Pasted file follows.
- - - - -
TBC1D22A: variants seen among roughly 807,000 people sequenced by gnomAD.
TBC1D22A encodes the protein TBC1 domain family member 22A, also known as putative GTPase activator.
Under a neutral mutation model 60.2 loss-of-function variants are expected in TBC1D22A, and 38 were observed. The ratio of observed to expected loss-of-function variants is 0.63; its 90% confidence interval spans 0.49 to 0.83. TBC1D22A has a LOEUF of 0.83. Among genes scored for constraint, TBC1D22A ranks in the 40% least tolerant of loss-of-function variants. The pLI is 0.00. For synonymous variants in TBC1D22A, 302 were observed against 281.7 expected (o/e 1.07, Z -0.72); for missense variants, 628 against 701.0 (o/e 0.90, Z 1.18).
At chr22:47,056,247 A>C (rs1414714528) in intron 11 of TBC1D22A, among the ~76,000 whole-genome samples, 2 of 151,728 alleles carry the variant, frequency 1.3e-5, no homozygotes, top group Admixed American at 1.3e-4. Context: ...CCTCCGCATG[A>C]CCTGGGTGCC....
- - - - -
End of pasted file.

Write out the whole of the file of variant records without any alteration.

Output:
TBC1D22A: variants seen among roughly 807,000 people sequenced by gnomAD.
TBC1D22A encodes the protein TBC1 domain family member 22A, also known as putative GTPase activator.
Under a neutral mutation model 60.2 loss-of-function variants are expected in TBC1D22A, and 38 were observed. The ratio of observed to expected loss-of-function variants is 0.63; its 90% confidence interval spans 0.49 to 0.83. TBC1D22A has a LOEUF of 0.83. Among genes scored for constraint, TBC1D22A ranks in the 40% least tolerant of loss-of-function variants. The pLI is 0.00. For synonymous variants in TBC1D22A, 302 were observed against 281.7 expected (o/e 1.07, Z -0.72); for missense variants, 628 against 701.0 (o/e 0.90, Z 1.18).
At chr22:47,056,247 A>C (rs1414714528) in intron 11 of TBC1D22A, among the ~76,000 whole-genome samples, 2 of 151,728 alleles carry the variant, frequency 1.3e-5, no homozygotes, top group Admixed American at 1.3e-4. Context: ...CCTCCGCATG[A>C]CCTGGGTGCC....